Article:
PCIHIPAA takes the guesswork out of HIPAA Compliance.
We make sure HIPAA and PCI Compliance is simple and easy to manage.
We work with 1,000’s of practices like yours.
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Does Inflation Have an Impact on HIPAA Violations?

Does Inflation Have an Impact on HIPAA Violations?

Health care providers are generally aware that non-compliance with the Health Insurance Portability and Accountability Act can be costly.  In 2013, when the Department of Health and Human Services (HHS) initiated penalties pursuant to the HIPAA Final Omnibus Rule, the health care industry was abuzz about the impact that these civil monetary penalties could have on their entities if they did not comply with federal regulations. But many providers are not aware that those sanction amounts have increased due to inflation.

With bipartisan support, the Federal Civil Penalties Inflation Adjustment Act Improvements Act of 2015 (yes, the wording is really that awkward) was passed to allow federal agencies to adjust their civil monetary penalties annually to keep up with inflation.  Congress reasoned that this increase would “improve the effectiveness of civil monetary penalties and maintain the deterrent effect of such penalties.”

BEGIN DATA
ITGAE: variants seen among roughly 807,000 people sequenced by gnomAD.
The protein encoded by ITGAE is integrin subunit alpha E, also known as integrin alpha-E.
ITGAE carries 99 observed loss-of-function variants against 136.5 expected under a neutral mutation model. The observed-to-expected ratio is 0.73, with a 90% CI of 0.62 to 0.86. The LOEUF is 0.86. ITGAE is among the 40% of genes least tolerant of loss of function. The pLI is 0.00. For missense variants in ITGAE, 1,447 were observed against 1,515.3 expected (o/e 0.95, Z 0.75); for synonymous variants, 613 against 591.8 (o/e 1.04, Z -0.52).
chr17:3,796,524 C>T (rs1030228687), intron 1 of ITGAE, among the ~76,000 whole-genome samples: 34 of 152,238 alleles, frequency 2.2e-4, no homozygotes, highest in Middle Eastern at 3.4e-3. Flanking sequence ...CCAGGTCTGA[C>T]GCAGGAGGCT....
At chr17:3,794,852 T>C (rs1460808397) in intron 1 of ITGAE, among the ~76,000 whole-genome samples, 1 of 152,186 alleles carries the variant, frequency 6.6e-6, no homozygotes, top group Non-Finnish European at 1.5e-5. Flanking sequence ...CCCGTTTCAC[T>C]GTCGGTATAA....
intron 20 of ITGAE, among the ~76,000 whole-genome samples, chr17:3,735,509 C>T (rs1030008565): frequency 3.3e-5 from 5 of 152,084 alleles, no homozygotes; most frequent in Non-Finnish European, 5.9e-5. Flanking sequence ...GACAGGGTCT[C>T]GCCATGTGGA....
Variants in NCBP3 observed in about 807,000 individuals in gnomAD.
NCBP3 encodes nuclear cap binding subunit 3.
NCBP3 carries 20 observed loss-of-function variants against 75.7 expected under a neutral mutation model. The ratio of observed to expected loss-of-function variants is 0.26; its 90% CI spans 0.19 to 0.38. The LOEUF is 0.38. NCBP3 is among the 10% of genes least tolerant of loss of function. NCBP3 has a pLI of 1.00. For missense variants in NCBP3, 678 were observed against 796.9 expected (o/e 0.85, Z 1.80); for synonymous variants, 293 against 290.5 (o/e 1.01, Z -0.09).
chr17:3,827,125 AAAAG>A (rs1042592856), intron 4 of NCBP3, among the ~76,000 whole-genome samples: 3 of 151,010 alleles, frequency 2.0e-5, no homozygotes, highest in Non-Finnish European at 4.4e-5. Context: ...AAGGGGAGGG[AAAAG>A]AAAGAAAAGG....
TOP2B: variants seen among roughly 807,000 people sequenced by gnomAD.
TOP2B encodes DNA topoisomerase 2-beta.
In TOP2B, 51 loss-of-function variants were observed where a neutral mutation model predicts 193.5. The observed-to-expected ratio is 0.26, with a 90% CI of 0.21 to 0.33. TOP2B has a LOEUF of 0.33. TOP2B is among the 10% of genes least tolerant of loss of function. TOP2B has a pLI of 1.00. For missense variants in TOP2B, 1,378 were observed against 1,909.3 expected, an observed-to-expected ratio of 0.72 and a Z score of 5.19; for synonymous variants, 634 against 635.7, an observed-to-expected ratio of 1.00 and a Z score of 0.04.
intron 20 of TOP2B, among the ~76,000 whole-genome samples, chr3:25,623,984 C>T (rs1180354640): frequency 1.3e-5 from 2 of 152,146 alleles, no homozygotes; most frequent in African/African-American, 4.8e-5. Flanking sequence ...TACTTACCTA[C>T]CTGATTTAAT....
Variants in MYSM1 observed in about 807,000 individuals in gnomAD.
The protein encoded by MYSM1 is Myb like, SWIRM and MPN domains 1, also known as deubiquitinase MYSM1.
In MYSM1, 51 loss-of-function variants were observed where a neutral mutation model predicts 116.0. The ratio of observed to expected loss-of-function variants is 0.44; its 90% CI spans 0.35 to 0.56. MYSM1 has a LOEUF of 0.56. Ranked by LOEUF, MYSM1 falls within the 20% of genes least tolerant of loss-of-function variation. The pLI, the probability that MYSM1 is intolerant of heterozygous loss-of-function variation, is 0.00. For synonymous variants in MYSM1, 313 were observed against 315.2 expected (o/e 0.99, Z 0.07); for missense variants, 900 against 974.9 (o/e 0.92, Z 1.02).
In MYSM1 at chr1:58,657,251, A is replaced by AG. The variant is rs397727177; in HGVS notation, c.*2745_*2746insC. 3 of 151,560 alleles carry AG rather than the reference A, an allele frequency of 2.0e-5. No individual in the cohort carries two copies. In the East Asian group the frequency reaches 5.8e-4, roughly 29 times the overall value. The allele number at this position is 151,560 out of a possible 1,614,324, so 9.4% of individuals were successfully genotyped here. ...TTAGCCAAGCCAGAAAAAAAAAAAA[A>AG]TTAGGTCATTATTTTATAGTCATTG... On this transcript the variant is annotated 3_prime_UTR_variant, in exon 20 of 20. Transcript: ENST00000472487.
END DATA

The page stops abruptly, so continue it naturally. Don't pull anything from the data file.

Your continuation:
So how does this Act impact HIPAA penalties in 2018?

The easiest way to demonstrate the gravity of these changes is to view the initial penalties issued in 2013 and compare it to the penalties available to HHS in 2018.  A cursory glance reflects the opportunity to impose steeper fines.

How can you keep up with the changes?

Readers of the Rotunda and Alabama Medicine will be regularly informed of changes to HIPAA civil monetary penalties by Dunson Group, LLC.  Additionally, federal agencies are required to publish their annual inflation adjustments in the Federal Register by January 15 of each year.  Information on specific HIPAA violations may be found under the Office of Civil Rights (OCR) category of the Electronic Code of Federal Regulations.

 

Article contributed by Samarria Dunson, J.D., CHC, CHPCattorney/principal of Dunson Group, LLC, a health care compliance consulting and law firm in Montgomery, Alabama. Find more of Ms. Dunson’s contributions on her partnership page